Jadé Fadojutimi’s ‘Jesture’ Is a Gift of Hope

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British-Nigerian Jadé Fadojutimi is taking London by storm one sublime brushstroke after another. 27-year old Jadé was formally trained as a painter and to her credit, has a BA from the Slade, and an MA at the Royal College of Art where she graduated in 2017. Only three years later, Jadé has exhibited at PEER, – and, soon at the Liverpool Biennale, ICA Miami and Japan. Recognized for her unique signature and her brilliant use of abstract metaphors, young Fadojutimi has established herself in the international art scene as one of the potential greats.

Jade like a lot of other young millennials developed a strong interest in Japanese anime during her teenage years. Finessing all the fond memories of her childhood with a deep sense of self-awareness and a polished, distinct painter’s technique, Jade’s poetic artwork has made her one to look out for in art circles. Jade made her first institutional appearance at the PEER with six canvases and compelling writing and was termed a “rare find” by Caroline Douglas, the Director in her review of the exhibition.

All of Fadojutimi’s sophisticated paintings have since been acquired by Tate and ICA Miami loaned to Dallas Museum of Art, and will showcase in two continents by 2021.

“I have always found solace in solitude. However, this silence, with its blunt forgotten footwork, who used to do little more than make the floors creak, had become clumsy, slightly overbearing and perhaps clingy. The stillness that used to grace me in the middle of the night had become a constant beside me during the day. The quiet had changed. It was rippling through the currents of others in their neighboring cabins alongside me, trying not to breathe too deeply, as though a breath too deep would rip an unbearable hole into the pool of thought.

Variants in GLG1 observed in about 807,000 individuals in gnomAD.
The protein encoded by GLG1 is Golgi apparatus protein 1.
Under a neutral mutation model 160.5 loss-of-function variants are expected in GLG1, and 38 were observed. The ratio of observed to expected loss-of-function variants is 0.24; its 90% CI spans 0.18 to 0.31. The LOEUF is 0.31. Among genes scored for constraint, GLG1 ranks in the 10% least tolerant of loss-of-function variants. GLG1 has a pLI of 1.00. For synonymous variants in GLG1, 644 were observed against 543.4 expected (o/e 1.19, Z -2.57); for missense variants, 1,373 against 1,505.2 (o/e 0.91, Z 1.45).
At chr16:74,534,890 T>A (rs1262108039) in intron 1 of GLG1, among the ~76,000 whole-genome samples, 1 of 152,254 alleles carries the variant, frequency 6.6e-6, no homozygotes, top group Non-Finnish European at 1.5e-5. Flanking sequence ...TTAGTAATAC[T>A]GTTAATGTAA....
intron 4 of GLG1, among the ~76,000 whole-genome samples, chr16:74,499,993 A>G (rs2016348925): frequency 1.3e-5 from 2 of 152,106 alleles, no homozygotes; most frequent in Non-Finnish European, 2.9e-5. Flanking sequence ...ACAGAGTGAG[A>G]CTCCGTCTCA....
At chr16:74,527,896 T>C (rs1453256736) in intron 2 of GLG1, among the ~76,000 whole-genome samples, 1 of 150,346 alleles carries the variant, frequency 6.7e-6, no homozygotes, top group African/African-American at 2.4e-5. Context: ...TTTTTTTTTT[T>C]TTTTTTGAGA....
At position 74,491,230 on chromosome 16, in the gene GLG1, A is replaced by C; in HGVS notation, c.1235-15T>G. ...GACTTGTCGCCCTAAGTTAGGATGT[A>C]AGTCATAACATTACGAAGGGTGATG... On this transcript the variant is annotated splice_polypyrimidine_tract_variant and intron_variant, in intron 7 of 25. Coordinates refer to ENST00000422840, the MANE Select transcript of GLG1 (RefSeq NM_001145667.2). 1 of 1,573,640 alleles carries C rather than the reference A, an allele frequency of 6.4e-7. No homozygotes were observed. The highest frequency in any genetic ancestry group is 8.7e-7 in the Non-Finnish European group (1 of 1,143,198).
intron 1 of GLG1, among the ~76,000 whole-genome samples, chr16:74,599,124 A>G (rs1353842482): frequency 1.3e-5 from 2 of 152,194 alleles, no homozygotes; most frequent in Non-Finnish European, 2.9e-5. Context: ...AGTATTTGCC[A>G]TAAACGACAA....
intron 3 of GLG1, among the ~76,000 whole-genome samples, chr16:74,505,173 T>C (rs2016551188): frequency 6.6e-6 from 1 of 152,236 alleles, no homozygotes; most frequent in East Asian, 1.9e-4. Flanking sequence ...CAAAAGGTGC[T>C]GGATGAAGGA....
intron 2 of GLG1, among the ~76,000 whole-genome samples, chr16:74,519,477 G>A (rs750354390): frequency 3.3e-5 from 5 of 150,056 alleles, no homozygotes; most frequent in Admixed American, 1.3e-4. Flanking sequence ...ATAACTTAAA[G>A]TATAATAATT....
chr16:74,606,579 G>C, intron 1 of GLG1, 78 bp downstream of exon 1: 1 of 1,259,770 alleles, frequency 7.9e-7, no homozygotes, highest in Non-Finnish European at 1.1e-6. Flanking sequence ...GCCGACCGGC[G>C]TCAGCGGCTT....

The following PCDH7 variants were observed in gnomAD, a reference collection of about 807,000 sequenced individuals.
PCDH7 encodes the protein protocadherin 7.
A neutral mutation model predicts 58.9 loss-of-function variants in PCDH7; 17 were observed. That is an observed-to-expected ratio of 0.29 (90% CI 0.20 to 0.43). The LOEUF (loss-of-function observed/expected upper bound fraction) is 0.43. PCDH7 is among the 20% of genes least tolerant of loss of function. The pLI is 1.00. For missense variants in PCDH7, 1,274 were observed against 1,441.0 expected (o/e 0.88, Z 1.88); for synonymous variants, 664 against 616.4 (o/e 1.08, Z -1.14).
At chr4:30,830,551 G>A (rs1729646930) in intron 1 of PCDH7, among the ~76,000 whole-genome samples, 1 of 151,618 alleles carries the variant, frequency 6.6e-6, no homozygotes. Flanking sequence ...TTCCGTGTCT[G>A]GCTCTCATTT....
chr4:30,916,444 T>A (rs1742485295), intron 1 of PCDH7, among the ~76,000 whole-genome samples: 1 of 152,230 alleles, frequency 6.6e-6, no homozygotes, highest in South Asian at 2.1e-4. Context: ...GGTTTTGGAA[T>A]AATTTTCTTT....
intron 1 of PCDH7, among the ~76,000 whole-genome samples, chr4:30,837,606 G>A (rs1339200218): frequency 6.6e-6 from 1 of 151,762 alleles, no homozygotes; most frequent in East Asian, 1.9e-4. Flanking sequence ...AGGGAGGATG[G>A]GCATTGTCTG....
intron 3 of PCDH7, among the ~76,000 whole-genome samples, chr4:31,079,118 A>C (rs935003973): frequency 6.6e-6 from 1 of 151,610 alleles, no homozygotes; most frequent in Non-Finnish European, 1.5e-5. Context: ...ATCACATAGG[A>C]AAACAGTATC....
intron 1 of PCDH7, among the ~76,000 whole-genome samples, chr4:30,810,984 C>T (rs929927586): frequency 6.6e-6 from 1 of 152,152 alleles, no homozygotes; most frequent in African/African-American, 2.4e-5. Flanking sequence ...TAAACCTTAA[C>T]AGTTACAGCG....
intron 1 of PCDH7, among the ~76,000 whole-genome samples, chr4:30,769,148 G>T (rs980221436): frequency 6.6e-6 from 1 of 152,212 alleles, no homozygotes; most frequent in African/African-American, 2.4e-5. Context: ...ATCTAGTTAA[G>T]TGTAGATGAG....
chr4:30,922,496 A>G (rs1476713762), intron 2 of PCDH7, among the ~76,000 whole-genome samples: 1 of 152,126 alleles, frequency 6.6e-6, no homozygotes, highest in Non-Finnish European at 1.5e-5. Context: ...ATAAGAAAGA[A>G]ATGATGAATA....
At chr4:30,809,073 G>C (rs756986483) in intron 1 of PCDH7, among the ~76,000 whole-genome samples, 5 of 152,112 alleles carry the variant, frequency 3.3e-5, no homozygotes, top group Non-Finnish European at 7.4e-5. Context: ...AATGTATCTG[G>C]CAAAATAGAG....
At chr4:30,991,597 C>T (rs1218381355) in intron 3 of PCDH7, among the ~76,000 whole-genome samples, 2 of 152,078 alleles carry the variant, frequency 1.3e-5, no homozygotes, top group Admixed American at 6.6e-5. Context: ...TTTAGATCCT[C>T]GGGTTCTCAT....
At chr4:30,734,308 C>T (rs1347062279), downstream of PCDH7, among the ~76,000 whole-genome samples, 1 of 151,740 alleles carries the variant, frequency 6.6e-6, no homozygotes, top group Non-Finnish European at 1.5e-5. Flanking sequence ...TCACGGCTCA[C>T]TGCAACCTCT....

I constantly wonder what will tear us apart, and I also wonder what will bring us together. I’m uncertain whether I notice what it truly means to breathe in a world filled with so many “what ifs”. The silence that now stands beside me day by day might be missed if she were to leave and that is starting to redefine solitude. Time has never felt so still.”

The pandemic lockdown which Jade describes as “laughable in the darkest way possible”, forced her into a shell. From that shell, Jade has reemerged with treasure. Not being able to work from her studio, as usual, Jadé decided to take it positively and started working from home.

  “I’ve never had so much time to reflect up until recently. It’s wonderful to not even paint because you can forget how important that is… how important it can be to spend time with yourself in a different way.”,

Jadé Fadojutimi Jesture, 2020 oil and oil stick on canvas 180.2 x 200 cm, 71 x 78 3/4 in (PH0079)

With her latest exhibition titled ‘Jesture’, to “encompass a lot of the absurdity we have all been experiencing”, she explores political and social complexities with dramatism and color. Above all, through ‘Jesture’, Jadé’s “gesture” to the world right now is as she states: “I just love to share my world with people. I hope that people can find room in the work to breathe.” The exhibition is scheduled to show at Pippy Houldsworth Gallery in London from 16 September 2020 – 31 October 2020.

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